Growing on balconies is very appealing and can be very rewarding. Enabling plants to thrive at great heights needs a few ideas and tips to get the best results.
There are a few variables that you must take into account for balcony growing. Here below are the most important ones for you to consider and tips to help over come the limiting ones.
Height above the ground
Growing on the ground floor or even the first floor will not affect your plants much more than growing in a ground level garden. However, the wind will affect growing on the 6th, 10th or 20th floor will be important. Sheffield has the added issue of tall building on hills. Many other cities do to.
These heights and exposure will be similar to growing on a hillside on the Peak District that border us here in Sheffield. Plants that tolerate high winds, exposure and high sun light such as heathers will be fine. To grow tomatoes, evergreen plants, some herbs and bedding plants need some shelter. Glass walled balconies will be fine but railing will need a windscreen attaching to it. The best types for these conditions include mesh windbreaks that reduce the wind by 50%. They do create shade however which may not help. more on shade below.
Poly Carbonate twin wall can be fastened to your railing type balcony to allow light in and improve your growing conditions. Make sure they are fastened well to survive the winter winds or make a provision t remove them for winter.
Sun or Shade.
The sunny side of the building will provide better growing conditions than on the shady side. The shady side may also be become even darker if you need to use a windbreak that causes more shade.
South facing balconies can be too hot and some plants may scorch so a sunscreen may be necessary. If this can be in incorporated as a wind break to so much the better.
On the shady side of a building observe when you do have the sun on your balcony. Is it first thing in the morning in mid summer or in the evening? Evening sun will provide a better growing environment. Note if you are shaded by other building. If you are from the south the light should be sufficient. Close by building may also create wind tunnels. Take a note on a windy day which direction it comes from. It may be a different direction than the local weather forecast states.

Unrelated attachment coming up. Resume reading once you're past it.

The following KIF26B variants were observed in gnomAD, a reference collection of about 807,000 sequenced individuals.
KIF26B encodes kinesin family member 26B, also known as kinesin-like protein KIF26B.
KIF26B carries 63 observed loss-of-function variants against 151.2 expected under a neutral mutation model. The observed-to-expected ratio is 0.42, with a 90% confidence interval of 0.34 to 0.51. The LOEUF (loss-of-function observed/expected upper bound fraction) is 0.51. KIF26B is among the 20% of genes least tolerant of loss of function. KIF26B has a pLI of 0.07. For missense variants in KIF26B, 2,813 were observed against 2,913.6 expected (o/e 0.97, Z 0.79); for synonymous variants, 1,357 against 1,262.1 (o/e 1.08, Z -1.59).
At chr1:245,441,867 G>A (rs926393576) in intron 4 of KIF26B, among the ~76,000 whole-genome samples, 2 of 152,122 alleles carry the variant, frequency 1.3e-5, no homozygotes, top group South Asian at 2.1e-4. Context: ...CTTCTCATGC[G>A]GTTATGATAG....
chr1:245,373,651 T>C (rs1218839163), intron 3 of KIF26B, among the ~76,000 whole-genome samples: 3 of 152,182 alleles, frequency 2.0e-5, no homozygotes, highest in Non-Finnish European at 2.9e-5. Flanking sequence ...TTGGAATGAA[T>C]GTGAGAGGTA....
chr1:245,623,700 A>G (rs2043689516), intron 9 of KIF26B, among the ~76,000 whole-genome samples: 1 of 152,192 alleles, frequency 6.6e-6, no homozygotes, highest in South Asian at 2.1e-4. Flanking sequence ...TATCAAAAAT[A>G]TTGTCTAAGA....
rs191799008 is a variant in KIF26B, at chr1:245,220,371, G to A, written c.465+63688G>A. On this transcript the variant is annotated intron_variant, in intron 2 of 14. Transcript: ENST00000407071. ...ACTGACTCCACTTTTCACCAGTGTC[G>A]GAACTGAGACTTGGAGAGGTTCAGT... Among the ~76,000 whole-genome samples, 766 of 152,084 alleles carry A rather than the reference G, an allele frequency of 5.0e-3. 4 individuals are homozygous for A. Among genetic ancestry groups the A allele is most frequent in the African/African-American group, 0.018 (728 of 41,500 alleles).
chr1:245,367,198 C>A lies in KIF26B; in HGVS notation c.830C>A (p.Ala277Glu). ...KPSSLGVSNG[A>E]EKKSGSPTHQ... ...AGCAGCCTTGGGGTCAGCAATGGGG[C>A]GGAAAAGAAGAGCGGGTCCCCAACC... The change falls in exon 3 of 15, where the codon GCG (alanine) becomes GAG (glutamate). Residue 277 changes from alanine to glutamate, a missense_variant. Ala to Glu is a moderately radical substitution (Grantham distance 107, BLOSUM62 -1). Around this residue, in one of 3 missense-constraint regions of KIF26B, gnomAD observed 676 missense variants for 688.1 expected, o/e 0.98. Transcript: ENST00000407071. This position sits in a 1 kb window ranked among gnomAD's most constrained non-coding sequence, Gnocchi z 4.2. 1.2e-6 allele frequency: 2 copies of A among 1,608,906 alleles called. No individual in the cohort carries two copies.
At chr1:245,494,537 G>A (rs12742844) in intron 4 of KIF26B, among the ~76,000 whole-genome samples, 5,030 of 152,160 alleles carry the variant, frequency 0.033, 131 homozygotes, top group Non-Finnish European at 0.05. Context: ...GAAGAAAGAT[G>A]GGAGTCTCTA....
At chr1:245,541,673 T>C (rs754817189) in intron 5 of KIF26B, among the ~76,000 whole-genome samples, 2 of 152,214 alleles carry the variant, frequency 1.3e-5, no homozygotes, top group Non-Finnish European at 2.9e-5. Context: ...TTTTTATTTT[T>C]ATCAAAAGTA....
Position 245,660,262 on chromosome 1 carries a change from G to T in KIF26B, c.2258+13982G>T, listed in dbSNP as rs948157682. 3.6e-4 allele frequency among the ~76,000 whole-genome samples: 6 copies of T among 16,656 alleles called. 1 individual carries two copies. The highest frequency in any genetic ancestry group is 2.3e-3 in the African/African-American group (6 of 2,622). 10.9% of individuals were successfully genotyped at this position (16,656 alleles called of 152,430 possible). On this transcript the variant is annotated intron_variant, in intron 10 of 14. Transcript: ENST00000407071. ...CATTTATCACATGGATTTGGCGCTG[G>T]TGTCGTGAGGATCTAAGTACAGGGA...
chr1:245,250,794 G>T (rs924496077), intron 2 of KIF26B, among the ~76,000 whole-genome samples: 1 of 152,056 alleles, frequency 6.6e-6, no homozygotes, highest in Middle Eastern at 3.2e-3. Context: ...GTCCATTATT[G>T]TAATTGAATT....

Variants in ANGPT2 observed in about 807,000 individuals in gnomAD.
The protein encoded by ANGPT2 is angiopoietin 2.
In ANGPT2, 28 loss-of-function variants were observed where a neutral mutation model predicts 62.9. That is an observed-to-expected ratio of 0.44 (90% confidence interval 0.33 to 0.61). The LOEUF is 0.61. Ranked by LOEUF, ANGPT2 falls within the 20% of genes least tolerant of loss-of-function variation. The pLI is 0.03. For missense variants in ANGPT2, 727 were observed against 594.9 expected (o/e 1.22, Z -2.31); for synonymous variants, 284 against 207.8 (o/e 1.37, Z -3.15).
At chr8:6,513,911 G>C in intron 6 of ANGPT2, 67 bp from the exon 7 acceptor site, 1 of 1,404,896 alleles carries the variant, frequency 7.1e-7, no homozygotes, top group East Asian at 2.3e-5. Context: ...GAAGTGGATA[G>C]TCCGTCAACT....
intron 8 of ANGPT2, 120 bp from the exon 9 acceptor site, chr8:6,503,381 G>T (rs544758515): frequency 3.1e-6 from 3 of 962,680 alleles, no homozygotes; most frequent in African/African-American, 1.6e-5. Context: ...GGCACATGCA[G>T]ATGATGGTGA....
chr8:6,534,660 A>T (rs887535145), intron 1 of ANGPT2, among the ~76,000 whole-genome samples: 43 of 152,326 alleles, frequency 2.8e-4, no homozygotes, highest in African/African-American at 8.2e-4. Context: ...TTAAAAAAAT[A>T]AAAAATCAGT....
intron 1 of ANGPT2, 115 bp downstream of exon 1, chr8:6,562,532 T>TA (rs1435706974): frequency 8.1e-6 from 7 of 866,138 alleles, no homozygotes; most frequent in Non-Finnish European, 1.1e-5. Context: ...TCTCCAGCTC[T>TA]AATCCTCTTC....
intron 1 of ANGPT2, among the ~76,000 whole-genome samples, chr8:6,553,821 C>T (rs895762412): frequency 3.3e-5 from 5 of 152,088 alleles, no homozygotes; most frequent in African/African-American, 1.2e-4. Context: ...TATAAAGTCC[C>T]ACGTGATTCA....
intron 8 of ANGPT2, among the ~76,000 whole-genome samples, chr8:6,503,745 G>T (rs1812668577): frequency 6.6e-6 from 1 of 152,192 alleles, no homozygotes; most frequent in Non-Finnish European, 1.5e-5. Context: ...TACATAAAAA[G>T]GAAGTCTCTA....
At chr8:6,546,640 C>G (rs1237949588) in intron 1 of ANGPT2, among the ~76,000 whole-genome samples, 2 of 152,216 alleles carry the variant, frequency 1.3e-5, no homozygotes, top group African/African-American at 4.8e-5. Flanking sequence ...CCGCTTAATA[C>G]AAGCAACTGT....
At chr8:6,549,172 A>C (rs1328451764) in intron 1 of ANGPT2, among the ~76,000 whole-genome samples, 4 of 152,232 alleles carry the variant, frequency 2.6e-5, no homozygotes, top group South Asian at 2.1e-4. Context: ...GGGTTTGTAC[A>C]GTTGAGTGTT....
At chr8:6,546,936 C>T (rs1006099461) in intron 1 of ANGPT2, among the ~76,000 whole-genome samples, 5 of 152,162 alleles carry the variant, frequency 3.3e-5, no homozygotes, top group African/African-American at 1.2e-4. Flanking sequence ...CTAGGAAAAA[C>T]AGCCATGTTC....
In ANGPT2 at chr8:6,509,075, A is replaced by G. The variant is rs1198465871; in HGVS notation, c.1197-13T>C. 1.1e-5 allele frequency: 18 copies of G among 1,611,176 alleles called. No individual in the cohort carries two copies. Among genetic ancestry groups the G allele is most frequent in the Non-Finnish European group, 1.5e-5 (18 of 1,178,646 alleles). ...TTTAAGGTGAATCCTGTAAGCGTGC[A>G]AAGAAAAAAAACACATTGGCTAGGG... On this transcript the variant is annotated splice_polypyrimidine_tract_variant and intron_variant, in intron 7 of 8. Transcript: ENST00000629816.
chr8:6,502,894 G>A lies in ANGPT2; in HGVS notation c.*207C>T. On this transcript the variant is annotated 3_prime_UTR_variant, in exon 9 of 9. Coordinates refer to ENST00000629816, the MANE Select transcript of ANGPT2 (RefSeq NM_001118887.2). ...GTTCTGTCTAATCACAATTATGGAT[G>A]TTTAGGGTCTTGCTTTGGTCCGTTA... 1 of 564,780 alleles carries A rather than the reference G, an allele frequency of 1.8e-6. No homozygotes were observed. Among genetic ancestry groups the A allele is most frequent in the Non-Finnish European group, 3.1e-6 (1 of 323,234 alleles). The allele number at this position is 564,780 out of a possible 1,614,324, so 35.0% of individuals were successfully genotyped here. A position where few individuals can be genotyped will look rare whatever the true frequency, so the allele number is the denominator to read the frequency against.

If you buy plants from a garden centre or grow them on your windowsill before moving them outside onto your balcony it will be important to acclimatise them to the windy & possibly baking conditions. allow your plants to rest on the balcony floor but out of draughts before planting higher up where it will be more exposed. a couple of weeks of ‘hardening up’ should be sufficient. Buying plants from Ferndale Garden Centre where we grow plants in the right conditions for planting when you get home rather than from a supermarket with heat & little light or from a wind chilled trolley in front of the store.
Plants for sunny balconies.
Edible: Tumbling tomatoes, Herbs, Chilli, Grafted Tomatoes (stronger roots and early ripening), Strawberries.
Floral: Geraniums, Petunias, Surfinias, Calibrachoa, Osteospernum (cape daisy), Verbena, Nemesia. Dwarf Narcissus, crocus, snowdrops. Begonia.
Plants for Shady balconies
Edible : Herbs, Grafted tomatoes, Chilli, Strawberries. Blackberry.
Floral: Seasonal-New Guinea Impatiens, Lobelia, Fuchsia, Box, Ivy, Viola, Hardy -Verbena. Dwarf Narcissus, crocus, snowdrops. Heuchera, Hardy ferns, Hosta, Dicentra fomosa.
You will need to experiment a little with structures, and plants as every balcony will have different micro-climates